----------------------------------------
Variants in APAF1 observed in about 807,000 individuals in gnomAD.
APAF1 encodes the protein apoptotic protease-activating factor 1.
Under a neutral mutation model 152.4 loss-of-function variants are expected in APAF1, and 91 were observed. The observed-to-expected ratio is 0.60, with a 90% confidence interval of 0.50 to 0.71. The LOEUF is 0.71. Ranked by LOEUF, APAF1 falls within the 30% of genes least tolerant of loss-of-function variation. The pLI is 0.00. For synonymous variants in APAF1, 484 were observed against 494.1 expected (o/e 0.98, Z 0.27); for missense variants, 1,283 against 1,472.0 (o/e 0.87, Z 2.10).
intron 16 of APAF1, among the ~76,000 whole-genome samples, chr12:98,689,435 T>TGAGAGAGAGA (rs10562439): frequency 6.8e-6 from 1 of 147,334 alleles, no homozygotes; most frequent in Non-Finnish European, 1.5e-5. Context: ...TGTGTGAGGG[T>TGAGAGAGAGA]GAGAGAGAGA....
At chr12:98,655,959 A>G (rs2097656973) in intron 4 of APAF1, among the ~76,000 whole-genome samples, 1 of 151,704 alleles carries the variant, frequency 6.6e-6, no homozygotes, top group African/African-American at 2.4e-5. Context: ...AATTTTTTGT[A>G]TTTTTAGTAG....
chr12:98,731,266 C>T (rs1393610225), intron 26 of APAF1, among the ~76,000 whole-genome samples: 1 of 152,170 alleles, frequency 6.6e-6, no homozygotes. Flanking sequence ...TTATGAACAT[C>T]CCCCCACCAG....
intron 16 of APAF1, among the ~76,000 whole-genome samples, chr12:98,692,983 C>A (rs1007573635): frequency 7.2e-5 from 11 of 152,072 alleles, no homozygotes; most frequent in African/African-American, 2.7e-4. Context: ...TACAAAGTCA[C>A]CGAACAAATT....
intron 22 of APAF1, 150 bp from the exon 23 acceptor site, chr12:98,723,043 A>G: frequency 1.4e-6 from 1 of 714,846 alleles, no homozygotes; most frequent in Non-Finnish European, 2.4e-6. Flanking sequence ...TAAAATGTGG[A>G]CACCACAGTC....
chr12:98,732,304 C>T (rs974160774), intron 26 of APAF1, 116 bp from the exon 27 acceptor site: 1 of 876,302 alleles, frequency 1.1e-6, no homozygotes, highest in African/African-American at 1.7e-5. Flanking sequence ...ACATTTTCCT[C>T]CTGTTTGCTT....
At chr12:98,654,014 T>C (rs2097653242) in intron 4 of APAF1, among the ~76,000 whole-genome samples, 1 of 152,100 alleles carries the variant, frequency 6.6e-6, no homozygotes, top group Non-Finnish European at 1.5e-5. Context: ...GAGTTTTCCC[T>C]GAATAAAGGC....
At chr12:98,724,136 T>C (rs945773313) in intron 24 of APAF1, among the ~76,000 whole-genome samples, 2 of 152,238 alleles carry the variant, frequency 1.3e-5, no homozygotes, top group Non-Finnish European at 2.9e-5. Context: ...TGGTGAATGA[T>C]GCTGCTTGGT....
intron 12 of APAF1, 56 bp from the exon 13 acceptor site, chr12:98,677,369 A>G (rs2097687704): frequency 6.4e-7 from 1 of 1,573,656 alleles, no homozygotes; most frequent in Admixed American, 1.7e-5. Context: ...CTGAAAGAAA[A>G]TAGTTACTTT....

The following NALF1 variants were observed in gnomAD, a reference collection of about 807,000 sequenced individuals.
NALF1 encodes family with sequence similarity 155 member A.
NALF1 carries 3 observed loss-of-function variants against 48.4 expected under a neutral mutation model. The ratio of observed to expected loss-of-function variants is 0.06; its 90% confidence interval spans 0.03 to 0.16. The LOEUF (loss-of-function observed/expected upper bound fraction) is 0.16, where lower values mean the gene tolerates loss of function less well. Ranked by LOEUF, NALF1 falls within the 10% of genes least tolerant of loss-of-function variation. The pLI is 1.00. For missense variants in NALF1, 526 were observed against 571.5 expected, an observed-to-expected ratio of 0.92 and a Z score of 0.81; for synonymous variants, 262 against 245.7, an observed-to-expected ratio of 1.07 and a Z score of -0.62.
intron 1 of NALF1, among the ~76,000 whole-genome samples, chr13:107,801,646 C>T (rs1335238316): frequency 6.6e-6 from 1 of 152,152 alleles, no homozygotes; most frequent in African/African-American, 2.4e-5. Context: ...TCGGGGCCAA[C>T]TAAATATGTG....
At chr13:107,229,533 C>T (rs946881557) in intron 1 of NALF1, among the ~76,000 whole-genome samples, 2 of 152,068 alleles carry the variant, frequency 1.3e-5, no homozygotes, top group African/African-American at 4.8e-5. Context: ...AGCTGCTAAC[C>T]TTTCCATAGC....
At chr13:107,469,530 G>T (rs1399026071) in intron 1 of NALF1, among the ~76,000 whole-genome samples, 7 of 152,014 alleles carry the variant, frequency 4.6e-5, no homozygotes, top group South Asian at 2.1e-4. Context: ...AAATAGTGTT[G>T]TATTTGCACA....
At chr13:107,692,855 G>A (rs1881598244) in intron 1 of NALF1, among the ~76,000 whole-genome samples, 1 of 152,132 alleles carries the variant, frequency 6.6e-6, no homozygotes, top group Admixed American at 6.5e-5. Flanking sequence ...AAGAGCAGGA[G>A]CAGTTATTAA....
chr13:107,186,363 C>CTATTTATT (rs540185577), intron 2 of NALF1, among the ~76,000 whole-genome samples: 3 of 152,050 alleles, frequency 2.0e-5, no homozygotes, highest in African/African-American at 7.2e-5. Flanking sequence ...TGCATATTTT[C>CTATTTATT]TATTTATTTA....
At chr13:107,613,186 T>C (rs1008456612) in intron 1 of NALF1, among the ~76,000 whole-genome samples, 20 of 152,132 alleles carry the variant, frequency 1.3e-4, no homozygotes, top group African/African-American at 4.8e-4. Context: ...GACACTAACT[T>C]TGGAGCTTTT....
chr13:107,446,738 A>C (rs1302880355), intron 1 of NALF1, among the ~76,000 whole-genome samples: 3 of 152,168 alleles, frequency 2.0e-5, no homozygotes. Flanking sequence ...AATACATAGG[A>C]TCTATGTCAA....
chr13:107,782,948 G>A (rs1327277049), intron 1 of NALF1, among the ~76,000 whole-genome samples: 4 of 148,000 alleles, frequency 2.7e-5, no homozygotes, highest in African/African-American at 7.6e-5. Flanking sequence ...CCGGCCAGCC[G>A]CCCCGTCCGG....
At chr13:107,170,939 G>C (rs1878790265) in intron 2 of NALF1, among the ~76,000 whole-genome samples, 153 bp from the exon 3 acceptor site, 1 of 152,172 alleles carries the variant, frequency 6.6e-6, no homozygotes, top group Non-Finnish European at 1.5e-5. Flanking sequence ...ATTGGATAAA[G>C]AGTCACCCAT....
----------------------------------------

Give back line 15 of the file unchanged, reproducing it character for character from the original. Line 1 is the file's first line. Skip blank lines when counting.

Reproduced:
NALF1 carries 3 observed loss-of-function variants against 48.4 expected under a neutral mutation model. The ratio of observed to expected loss-of-function variants is 0.06; its 90% confidence interval spans 0.03 to 0.16. The LOEUF (loss-of-function observed/expected upper bound fraction) is 0.16, where lower values mean the gene tolerates loss of function less well. Ranked by LOEUF, NALF1 falls within the 10% of genes least tolerant of loss-of-function variation. The pLI is 1.00. For missense variants in NALF1, 526 were observed against 571.5 expected, an observed-to-expected ratio of 0.92 and a Z score of 0.81; for synonymous variants, 262 against 245.7, an observed-to-expected ratio of 1.07 and a Z score of -0.62.